Danny Balis Joins 97.1 The Freak

“I feel kind of nervous because I haven’t done this in a long time. I thought this may not ever happen to me again, to do radio with people I’ve known for a very, very long time.”

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Longtime Sportsradio 96.7/1310 The Ticket producer Danny Balis is joining 97.1 The Freak in Dallas.

Balis was introduced Monday as the newest member of The Downbeat cast, which already features Mike Rhyner, Mike Sirois, and Michael Gruber.

“He was the one I want, and I get what I want here,” Rhyner said during Monday’s announcement.

“I’m excited,” said Balis. “I feel kind of nervous because I haven’t done this in a long time. I thought this may not ever happen to me again, to do radio with people I’ve known for a very, very long time.”

Balis left The Ticket in May, citing an interest in focusing on other areas of his life outside of radio. He served as a producer at the station for 22 years before stepping aside. At the time, he said “The room for growth for me up here is not going to open up until all you knuckleheads retire,” the 54-year-old joked.

In addition to his work with The Freak, Balis continues to co-own the Twilite Lounge in the Dallas/Fort Worth Metroplex.

97.1 The Freak launched in October, and features a “broad-based, personality driven format” that features several former Dallas sports radio personalities including Rhyner, and Ben and Skin among others.

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Sports Radio News

Shan & RJ: We Have Questions About Jerry Jones But Washington Post Report Isn’t One of Them

“We all have some skeletons in our closet, but to throw the weight of the word racist on anyone, you’re gonna have to come with more than that.”

Jordan Bondurant

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Dallas Cowboys owner Jerry Jones found himself in the headlines last week ahead of the team’s Thanksgiving Day game, but it was largely seen as something that didn’t need to be dragged out into the spotlight, and 105.3 The Fan hosts Shan and RJ agreed.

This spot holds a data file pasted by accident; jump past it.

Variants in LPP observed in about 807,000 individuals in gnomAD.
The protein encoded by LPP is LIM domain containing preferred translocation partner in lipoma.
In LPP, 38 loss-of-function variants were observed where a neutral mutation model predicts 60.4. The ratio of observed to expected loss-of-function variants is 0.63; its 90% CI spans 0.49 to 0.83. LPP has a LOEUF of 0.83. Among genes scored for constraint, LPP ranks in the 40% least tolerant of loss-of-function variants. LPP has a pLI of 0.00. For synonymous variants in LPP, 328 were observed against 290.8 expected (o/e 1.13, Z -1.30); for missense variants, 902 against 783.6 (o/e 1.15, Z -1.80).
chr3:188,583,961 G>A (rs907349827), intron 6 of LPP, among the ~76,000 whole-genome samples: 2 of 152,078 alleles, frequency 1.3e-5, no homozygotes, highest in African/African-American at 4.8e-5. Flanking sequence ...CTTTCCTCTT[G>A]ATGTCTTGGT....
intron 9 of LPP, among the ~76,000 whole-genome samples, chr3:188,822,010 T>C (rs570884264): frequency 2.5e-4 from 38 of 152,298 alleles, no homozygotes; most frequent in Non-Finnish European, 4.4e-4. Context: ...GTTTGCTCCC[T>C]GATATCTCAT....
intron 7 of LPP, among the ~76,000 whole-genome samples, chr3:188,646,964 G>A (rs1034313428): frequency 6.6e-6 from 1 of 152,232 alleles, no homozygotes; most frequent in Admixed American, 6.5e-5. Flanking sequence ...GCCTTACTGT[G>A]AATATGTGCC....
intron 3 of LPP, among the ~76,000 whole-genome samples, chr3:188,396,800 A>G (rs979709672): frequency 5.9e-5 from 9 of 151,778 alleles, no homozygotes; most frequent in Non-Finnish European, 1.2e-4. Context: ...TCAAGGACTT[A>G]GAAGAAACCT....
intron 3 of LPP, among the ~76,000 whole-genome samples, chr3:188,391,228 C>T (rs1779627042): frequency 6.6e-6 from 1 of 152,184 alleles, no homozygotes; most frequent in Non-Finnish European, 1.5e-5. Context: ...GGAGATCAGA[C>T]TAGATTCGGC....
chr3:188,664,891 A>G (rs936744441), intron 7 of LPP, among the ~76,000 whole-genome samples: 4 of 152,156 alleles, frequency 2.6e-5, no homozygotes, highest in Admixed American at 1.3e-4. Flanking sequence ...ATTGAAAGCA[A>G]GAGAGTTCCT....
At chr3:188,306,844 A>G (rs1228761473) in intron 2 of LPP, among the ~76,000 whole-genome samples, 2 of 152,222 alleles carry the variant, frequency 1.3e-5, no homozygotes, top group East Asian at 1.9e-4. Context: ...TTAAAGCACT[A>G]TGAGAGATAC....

The Washington Post last week published a photo from 1957 showing a 14-year-old Jones among a crowd of onlookers as white students tried to block the path of some Black students attempting to enter his North Little Rock, Arkansas high school.

The piece focused on Jones, who is the Cowboys general manager, never hiring a Black head coach in the entire time he’s owned the franchise.

On Monday, Shan Shariff said it seemed a bit much to use that photo and article to paint Jones as some sort of racist.

“There’s certainly a bunch of stories out there that we know on and off the record about Jerry Jones that makes me question his morals,” he said. “We all have some skeletons in our closet, but to throw the weight of the word racist on anyone, you’re gonna have to come with more than that.”

Cowboys insider Bobby Belt, who was filling in for co-host RJ Choppy on Shan & RJ, said Jones has likely evolved like a lot of people do over time. He didn’t think it was fair to necessarily say Jones was racist.

“I’m not gonna speak for anyone else but I don’t believe he’s racist,” Belt said. “I think there are enough people who have dealt with him who are African American who would tell you they don’t think he’s racist. But it’s still not a thing that you can just write off to ‘Oh I was just standing there.'”

Jones admitted to the Post that his football coach at the time told him and other players not to get involved or be among the crowd for that moment, but he went anyway.

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Sports Radio News

DiPietro & Rothenberg: NFL TV Partners Should Schedule Jets and Giants at Opposite Times

Jordan Bondurant

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For the first time in a long time, both the New York Giants and the New York Jets are factors in the NFL playoff picture. After years of both franchises occupying the bottom portions of the league standings, fans in New York and the surrounding area have a reason to believe. On DiPietro & Rothenberg on ESPN New York, Dave Rothenberg said he thinks the league should put both teams in more marquee windows.

“When you start to think about flexing games, you start to think about you know what, the Giants and Jets should be flexed into better time slots,” he said.

Co-host Rick DiPietro said it sucks now that both teams are playing well, fans are essentially forced to flip back and forth between games.

“It’s awful. It really is,” he said. “I wouldn’t say that it ruins the Sunday because that would be hard. But it’s not my favorite.”

Still, it’s not lost on Rothenberg that football fans in the city now have something to cheer for NFL wise as the last chunk of the regular season approaches.

“When was the last time the Jets and Giants in December had meaningful football games?” Rothenberg asked. “Years and years and years.”